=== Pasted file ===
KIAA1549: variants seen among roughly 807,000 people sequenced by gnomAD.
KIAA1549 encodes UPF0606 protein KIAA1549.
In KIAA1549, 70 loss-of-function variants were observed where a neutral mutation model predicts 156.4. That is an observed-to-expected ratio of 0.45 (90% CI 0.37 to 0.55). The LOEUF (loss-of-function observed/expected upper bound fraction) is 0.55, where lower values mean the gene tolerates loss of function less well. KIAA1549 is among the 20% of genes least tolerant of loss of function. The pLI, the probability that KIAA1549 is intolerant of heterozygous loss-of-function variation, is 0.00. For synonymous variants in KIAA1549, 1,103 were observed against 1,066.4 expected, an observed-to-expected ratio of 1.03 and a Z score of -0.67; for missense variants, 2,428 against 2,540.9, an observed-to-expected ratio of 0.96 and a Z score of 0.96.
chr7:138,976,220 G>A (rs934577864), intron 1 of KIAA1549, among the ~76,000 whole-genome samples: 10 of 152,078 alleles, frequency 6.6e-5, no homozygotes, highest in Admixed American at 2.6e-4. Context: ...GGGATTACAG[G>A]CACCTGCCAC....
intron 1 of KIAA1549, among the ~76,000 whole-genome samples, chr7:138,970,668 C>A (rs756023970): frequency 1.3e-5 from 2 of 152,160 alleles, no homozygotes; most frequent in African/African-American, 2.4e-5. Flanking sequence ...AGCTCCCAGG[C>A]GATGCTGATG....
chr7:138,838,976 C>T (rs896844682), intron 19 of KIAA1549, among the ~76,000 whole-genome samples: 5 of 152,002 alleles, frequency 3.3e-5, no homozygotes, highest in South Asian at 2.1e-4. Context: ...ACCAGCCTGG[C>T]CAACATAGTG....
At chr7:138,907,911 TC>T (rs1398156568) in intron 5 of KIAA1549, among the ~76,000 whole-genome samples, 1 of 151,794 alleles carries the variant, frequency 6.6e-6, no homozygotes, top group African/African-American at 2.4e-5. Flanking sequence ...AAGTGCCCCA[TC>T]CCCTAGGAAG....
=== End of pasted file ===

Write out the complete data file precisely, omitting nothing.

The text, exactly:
KIAA1549: variants seen among roughly 807,000 people sequenced by gnomAD.
KIAA1549 encodes UPF0606 protein KIAA1549.
In KIAA1549, 70 loss-of-function variants were observed where a neutral mutation model predicts 156.4. That is an observed-to-expected ratio of 0.45 (90% CI 0.37 to 0.55). The LOEUF (loss-of-function observed/expected upper bound fraction) is 0.55, where lower values mean the gene tolerates loss of function less well. KIAA1549 is among the 20% of genes least tolerant of loss of function. The pLI, the probability that KIAA1549 is intolerant of heterozygous loss-of-function variation, is 0.00. For synonymous variants in KIAA1549, 1,103 were observed against 1,066.4 expected, an observed-to-expected ratio of 1.03 and a Z score of -0.67; for missense variants, 2,428 against 2,540.9, an observed-to-expected ratio of 0.96 and a Z score of 0.96.
chr7:138,976,220 G>A (rs934577864), intron 1 of KIAA1549, among the ~76,000 whole-genome samples: 10 of 152,078 alleles, frequency 6.6e-5, no homozygotes, highest in Admixed American at 2.6e-4. Context: ...GGGATTACAG[G>A]CACCTGCCAC....
intron 1 of KIAA1549, among the ~76,000 whole-genome samples, chr7:138,970,668 C>A (rs756023970): frequency 1.3e-5 from 2 of 152,160 alleles, no homozygotes; most frequent in African/African-American, 2.4e-5. Flanking sequence ...AGCTCCCAGG[C>A]GATGCTGATG....
chr7:138,838,976 C>T (rs896844682), intron 19 of KIAA1549, among the ~76,000 whole-genome samples: 5 of 152,002 alleles, frequency 3.3e-5, no homozygotes, highest in South Asian at 2.1e-4. Context: ...ACCAGCCTGG[C>T]CAACATAGTG....
At chr7:138,907,911 TC>T (rs1398156568) in intron 5 of KIAA1549, among the ~76,000 whole-genome samples, 1 of 151,794 alleles carries the variant, frequency 6.6e-6, no homozygotes, top group African/African-American at 2.4e-5. Flanking sequence ...AAGTGCCCCA[TC>T]CCCTAGGAAG....